Transitional housing program teaches life skills to youth in Kensington

A young woman looks out the window of her new apartment at Rights of Passage on Kensington Avenue. (Photo courtesy of Rights of Passage)

Editor’s note: Names marked with an asterisk (*) are those of people who requested we use their first name only due to the sensitivity of the subject matter.

In early March, 20-year-old Gia* went to Covenant House in Germantown after her counselor at William L. Sayre High School identified that she needed help with housing. Gia, who has a 3-year-old daughter, had been supporting herself for two years. 

“I was renting a room, but the lady downstairs got murdered,” Gia said. “I had to move out. I came to the Covenant House in Germantown, and then I came to [Rights of Passage in Kensington].”

Rights of Passage is a transitional housing program on Kensington Avenue that focuses on teaching life skills to young people in need of housing. It’s one of over 30 branches in North and South America of Covenant House, a housing provider for young people who have experienced homelessness or been victimized by human trafficking. 

The program, which has a total of 20 beds, provides apartment-style housing for participants. Residents range in age from 18 to 21 and can stay for up to 18 months from the time they begin. However, if a resident starts the program at age 21, they can remain until they are finished. 

“The age group we work with are very good at finding jobs,” said Hugh Organ, the interim executive director of Covenant House Pennsylvania. “However, keeping jobs is often a struggle.”

Residents are required to secure a job and pay a monthly rent 30 percent of their monthly income and turn in pay stubs to verify the amount. They are also required to put a minimum of $100 in a savings deposit, which goes up to an additional $50 every three months that they are in the program.

This year, Rights of Passage is celebrating its 20th anniversary. Since its opening, the program has provided transitional housing to over 330 youth.

“We want kids to live on their own even though they’re still in our care,” Organ said. “The goal is to practice living in an apartment … that’s why it’s a smaller number [of beds].”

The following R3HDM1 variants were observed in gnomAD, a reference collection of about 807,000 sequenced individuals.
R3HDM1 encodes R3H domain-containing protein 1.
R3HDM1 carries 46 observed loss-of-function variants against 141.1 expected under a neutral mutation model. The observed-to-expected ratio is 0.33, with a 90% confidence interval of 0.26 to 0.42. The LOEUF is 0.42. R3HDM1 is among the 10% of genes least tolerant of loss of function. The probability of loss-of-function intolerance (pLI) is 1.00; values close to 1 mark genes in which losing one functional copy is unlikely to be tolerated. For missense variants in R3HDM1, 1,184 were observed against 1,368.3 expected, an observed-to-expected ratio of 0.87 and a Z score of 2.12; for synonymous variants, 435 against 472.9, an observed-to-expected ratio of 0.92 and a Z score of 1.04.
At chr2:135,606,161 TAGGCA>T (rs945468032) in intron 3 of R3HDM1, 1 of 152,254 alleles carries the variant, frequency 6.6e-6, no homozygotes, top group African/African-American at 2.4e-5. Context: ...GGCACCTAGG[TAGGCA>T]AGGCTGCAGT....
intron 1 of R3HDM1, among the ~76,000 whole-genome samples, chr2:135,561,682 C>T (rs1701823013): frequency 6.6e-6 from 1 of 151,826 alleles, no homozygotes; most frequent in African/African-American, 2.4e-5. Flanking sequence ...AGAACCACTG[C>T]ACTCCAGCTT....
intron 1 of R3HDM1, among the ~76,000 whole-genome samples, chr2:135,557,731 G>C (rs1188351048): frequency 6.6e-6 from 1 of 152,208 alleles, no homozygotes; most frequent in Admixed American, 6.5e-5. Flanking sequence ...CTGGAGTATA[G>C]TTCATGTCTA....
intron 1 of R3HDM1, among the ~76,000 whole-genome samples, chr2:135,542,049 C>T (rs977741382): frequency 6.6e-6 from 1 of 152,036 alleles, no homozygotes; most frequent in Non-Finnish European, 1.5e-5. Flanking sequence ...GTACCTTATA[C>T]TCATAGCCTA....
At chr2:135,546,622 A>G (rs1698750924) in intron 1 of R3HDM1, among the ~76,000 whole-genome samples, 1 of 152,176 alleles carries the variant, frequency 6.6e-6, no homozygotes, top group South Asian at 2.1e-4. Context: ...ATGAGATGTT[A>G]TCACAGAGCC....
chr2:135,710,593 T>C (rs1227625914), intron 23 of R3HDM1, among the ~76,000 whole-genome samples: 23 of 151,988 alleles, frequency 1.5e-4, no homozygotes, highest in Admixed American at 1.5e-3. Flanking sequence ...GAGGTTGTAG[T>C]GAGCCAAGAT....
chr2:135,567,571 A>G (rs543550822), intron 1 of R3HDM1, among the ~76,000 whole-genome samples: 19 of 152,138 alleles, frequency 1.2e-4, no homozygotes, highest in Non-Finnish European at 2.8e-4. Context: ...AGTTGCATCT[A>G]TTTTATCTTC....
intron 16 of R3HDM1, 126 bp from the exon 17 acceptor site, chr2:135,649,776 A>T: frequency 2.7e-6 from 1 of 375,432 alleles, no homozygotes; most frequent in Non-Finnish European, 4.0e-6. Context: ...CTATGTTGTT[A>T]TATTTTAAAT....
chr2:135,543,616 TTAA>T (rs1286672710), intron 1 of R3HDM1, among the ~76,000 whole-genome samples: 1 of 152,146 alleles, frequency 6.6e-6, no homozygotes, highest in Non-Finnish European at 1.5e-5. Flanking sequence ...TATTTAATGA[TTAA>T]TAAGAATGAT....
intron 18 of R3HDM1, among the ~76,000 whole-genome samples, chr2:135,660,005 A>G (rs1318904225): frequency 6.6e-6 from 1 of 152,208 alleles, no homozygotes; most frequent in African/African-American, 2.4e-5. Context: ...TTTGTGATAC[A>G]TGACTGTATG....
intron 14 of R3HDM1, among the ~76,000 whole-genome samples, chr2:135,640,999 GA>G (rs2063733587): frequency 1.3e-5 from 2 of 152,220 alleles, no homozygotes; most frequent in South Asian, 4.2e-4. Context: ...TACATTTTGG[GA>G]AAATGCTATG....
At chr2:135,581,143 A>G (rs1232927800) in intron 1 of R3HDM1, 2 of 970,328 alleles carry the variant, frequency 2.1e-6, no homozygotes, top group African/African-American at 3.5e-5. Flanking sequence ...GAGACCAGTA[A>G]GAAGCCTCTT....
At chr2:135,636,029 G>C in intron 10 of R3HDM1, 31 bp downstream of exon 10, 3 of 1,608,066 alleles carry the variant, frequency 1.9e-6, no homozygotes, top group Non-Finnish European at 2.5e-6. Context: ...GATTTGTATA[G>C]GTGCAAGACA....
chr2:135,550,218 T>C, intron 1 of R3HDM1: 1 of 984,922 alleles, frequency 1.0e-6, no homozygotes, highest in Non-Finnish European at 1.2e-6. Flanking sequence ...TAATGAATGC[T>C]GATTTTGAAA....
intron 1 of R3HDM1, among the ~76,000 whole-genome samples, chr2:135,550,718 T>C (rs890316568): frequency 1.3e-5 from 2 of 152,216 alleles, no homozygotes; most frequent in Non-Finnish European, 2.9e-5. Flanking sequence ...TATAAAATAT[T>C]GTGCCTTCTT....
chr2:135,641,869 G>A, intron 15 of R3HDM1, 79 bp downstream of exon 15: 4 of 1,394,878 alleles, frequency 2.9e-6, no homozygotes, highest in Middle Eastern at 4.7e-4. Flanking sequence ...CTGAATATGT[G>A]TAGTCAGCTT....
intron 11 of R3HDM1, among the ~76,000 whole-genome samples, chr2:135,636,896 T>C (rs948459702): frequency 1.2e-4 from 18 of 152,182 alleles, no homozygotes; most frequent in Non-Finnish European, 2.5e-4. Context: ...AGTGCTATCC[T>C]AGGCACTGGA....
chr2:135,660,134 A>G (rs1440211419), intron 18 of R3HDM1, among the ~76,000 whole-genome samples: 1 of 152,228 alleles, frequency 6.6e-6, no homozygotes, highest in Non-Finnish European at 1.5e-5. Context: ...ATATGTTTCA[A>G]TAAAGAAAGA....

Initially, Gia was wary of the model that Rights of Passage follows. 

“I’m not good with change, so I had to get used to it,” Gia said. “When I went to the Covenant House, I cried for the first two weeks. When I came to [Rights of Passage], I cried for the first three weeks — almost a month.”

According to Organ, all staff is trained to be sensitive to residents’ trauma.

“We work with trafficking victims all the time,” Organ said. “We actually are the lead agency for the Philadelphia anti-trafficking prohibition. Our whole practice is very much a trauma-informed practice.”

Gia had to remind herself that the program was not meant to cause harm to her and that it was something she had to get used to. 

“I was a bit hesitant with the neighborhood,” Gia said. “But I don’t know — I like it here now.”

For Gia, there were a few things that brought her out of her comfort zone, like therapy sessions and social outings, such as going to sporting events, which is something that helped her become more social in the program.

“I talk with my primary therapist that’s here, and the staff here,” Gia said. “It’s a good support system. What actually broke me out of it was going to Phillies games. I don’t usually like crowds, but they broke me out of it.”

Other residents have had positive experiences, too. In high school, 19-year-old John* was living in a house with four of his cousins when he was pushed out by his aunt. He then moved to his grandmother’s house, but after graduating from Overbrook High School in Philadelphia, he was asked to leave because it was overcrowded.

First, John went to Covenant House and got a job at Harrah’s Casino. Then in April, he moved to Rights of Passage. Right away, he was feeling good about the opportunity and grateful for the chance to learn life skills.

“Even when it comes down to rent, it teaches me how to be responsible for stuff like that,” John said. “Hopefully, by the time I leave, I’ll be able to cook,” John added, laughing.

When John leaves the program, he hopes to take the life skills he’s learned to live more independently. He would like to get promoted in the casino industry and is thinking about going to college to study gaming design.

Gia has benefited from the life skills support, too. She now saves half of every paycheck, which she said is a result of the program helping her with spending habits and prioritizing where her money goes. She plans on eventually returning to Community College of Philadelphia to study to become a registered nurse and taking care of her daughter, who is currently living with her mother.

Once participants leave Rights of Passage, Organ said it’s up to them to follow up and how much continued contact they’d like to have with the program. 

“[To] any kid in ROP — if you stay there, you’re always welcome back,” Organ said. 


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Editor: Jillian Bauer-Reese / Story Designer: Jillian Bauer-Reese / Translator: Kristine Aponte

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